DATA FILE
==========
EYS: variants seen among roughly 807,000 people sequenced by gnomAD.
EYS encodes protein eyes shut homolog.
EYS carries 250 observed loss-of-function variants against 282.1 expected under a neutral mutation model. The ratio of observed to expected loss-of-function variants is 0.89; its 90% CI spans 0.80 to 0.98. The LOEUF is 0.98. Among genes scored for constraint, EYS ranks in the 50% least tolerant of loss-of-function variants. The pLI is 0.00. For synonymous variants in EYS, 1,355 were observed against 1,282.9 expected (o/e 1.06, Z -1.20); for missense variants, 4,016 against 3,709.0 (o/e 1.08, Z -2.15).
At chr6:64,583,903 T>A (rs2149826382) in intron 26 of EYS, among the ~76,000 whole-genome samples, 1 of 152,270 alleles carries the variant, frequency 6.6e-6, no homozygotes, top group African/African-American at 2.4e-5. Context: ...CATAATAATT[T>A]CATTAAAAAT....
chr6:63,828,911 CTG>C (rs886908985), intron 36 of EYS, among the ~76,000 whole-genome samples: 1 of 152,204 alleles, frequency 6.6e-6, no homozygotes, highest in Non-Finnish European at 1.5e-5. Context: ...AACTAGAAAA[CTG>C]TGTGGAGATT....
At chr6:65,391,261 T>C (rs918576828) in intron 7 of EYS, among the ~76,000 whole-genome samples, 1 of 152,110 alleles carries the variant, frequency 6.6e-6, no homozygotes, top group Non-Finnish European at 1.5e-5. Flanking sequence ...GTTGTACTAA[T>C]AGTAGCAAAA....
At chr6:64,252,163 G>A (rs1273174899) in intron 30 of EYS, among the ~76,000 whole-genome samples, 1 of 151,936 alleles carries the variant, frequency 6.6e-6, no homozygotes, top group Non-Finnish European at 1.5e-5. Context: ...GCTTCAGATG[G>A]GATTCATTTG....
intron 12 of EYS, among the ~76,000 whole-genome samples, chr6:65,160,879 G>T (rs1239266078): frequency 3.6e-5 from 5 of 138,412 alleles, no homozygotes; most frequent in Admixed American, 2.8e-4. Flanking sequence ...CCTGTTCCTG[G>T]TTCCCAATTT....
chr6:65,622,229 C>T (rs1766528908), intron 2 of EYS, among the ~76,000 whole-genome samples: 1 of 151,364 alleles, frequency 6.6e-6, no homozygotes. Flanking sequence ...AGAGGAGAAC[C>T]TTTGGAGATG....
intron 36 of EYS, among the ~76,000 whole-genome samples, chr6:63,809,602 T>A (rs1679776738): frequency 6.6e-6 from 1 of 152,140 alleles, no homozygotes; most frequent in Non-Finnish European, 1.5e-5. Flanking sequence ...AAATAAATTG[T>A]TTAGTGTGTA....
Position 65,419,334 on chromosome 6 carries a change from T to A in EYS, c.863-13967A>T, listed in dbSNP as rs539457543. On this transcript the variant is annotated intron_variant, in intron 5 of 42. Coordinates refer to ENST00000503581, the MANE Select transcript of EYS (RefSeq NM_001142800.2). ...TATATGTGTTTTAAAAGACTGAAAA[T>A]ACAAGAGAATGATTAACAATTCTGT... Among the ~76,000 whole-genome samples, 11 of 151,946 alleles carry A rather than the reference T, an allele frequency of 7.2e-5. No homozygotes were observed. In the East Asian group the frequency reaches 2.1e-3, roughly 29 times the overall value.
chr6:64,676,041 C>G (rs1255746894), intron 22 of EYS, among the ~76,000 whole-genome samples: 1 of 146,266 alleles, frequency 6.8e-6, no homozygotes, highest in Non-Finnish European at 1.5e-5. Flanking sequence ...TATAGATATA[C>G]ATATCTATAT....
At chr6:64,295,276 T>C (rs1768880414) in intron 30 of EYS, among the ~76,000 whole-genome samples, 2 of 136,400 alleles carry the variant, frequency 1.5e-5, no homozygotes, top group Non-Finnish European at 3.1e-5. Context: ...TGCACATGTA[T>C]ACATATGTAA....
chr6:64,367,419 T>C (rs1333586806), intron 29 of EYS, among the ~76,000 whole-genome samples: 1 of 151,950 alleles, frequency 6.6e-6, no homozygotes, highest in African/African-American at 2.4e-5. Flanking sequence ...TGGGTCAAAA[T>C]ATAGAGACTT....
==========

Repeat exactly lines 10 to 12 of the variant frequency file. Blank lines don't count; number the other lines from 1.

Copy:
intron 36 of EYS, among the ~76,000 whole-genome samples, chr6:63,809,602 T>A (rs1679776738): frequency 6.6e-6 from 1 of 152,140 alleles, no homozygotes; most frequent in Non-Finnish European, 1.5e-5. Flanking sequence ...AAATAAATTG[T>A]TTAGTGTGTA....
Position 65,419,334 on chromosome 6 carries a change from T to A in EYS, c.863-13967A>T, listed in dbSNP as rs539457543. On this transcript the variant is annotated intron_variant, in intron 5 of 42. Coordinates refer to ENST00000503581, the MANE Select transcript of EYS (RefSeq NM_001142800.2). ...TATATGTGTTTTAAAAGACTGAAAA[T>A]ACAAGAGAATGATTAACAATTCTGT... Among the ~76,000 whole-genome samples, 11 of 151,946 alleles carry A rather than the reference T, an allele frequency of 7.2e-5. No homozygotes were observed. In the East Asian group the frequency reaches 2.1e-3, roughly 29 times the overall value.
chr6:64,676,041 C>G (rs1255746894), intron 22 of EYS, among the ~76,000 whole-genome samples: 1 of 146,266 alleles, frequency 6.8e-6, no homozygotes, highest in Non-Finnish European at 1.5e-5. Flanking sequence ...TATAGATATA[C>G]ATATCTATAT....